Human-wildlife conflict (HWC) exists in different forms all over the world and is experienced more in developing countries. The conflict between human and wildlife ranks among the main threats to biodiversity conservation and has become frequent and severe in different parts of Africa. In the author s’ previous study, five species of wildlife were identified as the main crop raiding species in Gera, southwestern Ethiopia. The current study was conducted to assess causes of HWC and types of damage in this area. Data were collected through semi- structured questionnaires, focus group discussion, direct observation and key informant interview. Descriptive statistics was used to analyze the socioeconomic profile of the respondents. One-way ANOVA and Chi-square test were used to analyze causes of HWC. The result showed that 50 and 22% of the respondent reported that the prevalence of HWC is manifested through crop damage and livestock predation, respectively. There was a significant difference between causes of HWC (F=4.2, P=0.000). In this study, habitat disturbance and increase in population of wildlife was the highest and least causes of HWC, respectively. HWC is increasing in both severity and frequency in the study area. Therefore, to minimize the conflict occurring in the whole scope of society in the proper selection of investment site (mainly modern coffee production in the area) is crucial. Furthermore, the wildlife authorities and local institutions are encouraged to address the needs of the local communities or to find the source of alternative livelihood to the society.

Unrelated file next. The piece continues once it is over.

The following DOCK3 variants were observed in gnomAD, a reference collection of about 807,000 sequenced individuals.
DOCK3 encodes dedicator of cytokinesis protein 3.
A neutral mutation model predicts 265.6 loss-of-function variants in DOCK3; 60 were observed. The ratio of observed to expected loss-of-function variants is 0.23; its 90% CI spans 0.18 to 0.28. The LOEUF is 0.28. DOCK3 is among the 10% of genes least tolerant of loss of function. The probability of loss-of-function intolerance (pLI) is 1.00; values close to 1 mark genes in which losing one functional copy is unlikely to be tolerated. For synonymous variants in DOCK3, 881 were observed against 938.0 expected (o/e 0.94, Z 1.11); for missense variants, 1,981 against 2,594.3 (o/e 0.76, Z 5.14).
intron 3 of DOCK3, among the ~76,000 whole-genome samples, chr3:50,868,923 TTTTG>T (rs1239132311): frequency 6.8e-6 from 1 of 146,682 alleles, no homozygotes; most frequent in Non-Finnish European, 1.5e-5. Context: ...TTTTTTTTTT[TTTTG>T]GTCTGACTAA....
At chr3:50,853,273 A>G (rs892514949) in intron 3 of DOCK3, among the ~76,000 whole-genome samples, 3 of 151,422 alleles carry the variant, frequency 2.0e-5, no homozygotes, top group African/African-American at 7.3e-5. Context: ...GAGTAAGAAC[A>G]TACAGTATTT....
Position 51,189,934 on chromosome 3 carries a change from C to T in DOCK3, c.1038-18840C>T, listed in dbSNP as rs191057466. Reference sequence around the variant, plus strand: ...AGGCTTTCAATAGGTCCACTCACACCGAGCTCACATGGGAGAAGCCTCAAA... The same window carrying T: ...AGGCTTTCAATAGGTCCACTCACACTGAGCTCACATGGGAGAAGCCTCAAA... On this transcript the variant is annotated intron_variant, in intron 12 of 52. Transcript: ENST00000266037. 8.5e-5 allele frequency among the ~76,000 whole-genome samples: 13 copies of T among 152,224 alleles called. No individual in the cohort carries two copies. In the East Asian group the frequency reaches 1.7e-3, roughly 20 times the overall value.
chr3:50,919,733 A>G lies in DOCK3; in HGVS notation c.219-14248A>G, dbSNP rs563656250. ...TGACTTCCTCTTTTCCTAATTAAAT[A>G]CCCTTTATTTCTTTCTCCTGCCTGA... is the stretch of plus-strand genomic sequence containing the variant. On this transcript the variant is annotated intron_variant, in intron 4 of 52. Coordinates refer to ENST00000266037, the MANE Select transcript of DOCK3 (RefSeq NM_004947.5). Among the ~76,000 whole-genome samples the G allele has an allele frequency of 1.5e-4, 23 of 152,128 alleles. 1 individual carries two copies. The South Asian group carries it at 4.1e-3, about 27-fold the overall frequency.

Key words: Forest disturbance, Human-wild animal’s conflict, crop raiding.
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